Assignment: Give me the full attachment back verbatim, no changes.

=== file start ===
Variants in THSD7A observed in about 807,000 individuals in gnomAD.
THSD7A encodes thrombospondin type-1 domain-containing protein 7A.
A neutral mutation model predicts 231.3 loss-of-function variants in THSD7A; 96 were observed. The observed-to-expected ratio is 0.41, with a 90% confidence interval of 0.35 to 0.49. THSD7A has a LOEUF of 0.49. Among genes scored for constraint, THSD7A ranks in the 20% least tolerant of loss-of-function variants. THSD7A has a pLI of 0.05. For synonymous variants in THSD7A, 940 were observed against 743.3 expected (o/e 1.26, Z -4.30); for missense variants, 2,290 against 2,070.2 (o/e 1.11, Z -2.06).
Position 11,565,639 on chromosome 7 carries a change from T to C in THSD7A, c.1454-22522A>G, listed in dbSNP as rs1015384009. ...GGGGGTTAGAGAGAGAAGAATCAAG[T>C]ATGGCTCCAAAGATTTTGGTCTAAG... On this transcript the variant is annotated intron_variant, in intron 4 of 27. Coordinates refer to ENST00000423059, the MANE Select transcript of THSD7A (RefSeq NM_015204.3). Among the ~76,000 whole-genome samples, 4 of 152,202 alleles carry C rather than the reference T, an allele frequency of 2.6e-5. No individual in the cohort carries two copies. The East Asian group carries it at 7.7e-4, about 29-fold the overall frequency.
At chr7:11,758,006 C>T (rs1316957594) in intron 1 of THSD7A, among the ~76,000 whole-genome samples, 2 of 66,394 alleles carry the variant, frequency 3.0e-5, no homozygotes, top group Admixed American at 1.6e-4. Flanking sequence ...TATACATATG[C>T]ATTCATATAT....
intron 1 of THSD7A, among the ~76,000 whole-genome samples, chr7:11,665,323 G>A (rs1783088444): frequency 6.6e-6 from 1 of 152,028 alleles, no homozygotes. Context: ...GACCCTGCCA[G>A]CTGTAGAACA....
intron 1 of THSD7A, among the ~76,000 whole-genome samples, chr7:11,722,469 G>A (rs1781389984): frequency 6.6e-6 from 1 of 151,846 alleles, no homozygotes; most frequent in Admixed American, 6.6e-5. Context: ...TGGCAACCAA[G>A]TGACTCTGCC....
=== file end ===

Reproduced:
Variants in THSD7A observed in about 807,000 individuals in gnomAD.
THSD7A encodes thrombospondin type-1 domain-containing protein 7A.
A neutral mutation model predicts 231.3 loss-of-function variants in THSD7A; 96 were observed. The observed-to-expected ratio is 0.41, with a 90% confidence interval of 0.35 to 0.49. THSD7A has a LOEUF of 0.49. Among genes scored for constraint, THSD7A ranks in the 20% least tolerant of loss-of-function variants. THSD7A has a pLI of 0.05. For synonymous variants in THSD7A, 940 were observed against 743.3 expected (o/e 1.26, Z -4.30); for missense variants, 2,290 against 2,070.2 (o/e 1.11, Z -2.06).
Position 11,565,639 on chromosome 7 carries a change from T to C in THSD7A, c.1454-22522A>G, listed in dbSNP as rs1015384009. ...GGGGGTTAGAGAGAGAAGAATCAAG[T>C]ATGGCTCCAAAGATTTTGGTCTAAG... On this transcript the variant is annotated intron_variant, in intron 4 of 27. Coordinates refer to ENST00000423059, the MANE Select transcript of THSD7A (RefSeq NM_015204.3). Among the ~76,000 whole-genome samples, 4 of 152,202 alleles carry C rather than the reference T, an allele frequency of 2.6e-5. No individual in the cohort carries two copies. The East Asian group carries it at 7.7e-4, about 29-fold the overall frequency.
At chr7:11,758,006 C>T (rs1316957594) in intron 1 of THSD7A, among the ~76,000 whole-genome samples, 2 of 66,394 alleles carry the variant, frequency 3.0e-5, no homozygotes, top group Admixed American at 1.6e-4. Flanking sequence ...TATACATATG[C>T]ATTCATATAT....
intron 1 of THSD7A, among the ~76,000 whole-genome samples, chr7:11,665,323 G>A (rs1783088444): frequency 6.6e-6 from 1 of 152,028 alleles, no homozygotes. Context: ...GACCCTGCCA[G>A]CTGTAGAACA....
intron 1 of THSD7A, among the ~76,000 whole-genome samples, chr7:11,722,469 G>A (rs1781389984): frequency 6.6e-6 from 1 of 151,846 alleles, no homozygotes; most frequent in Admixed American, 6.6e-5. Context: ...TGGCAACCAA[G>A]TGACTCTGCC....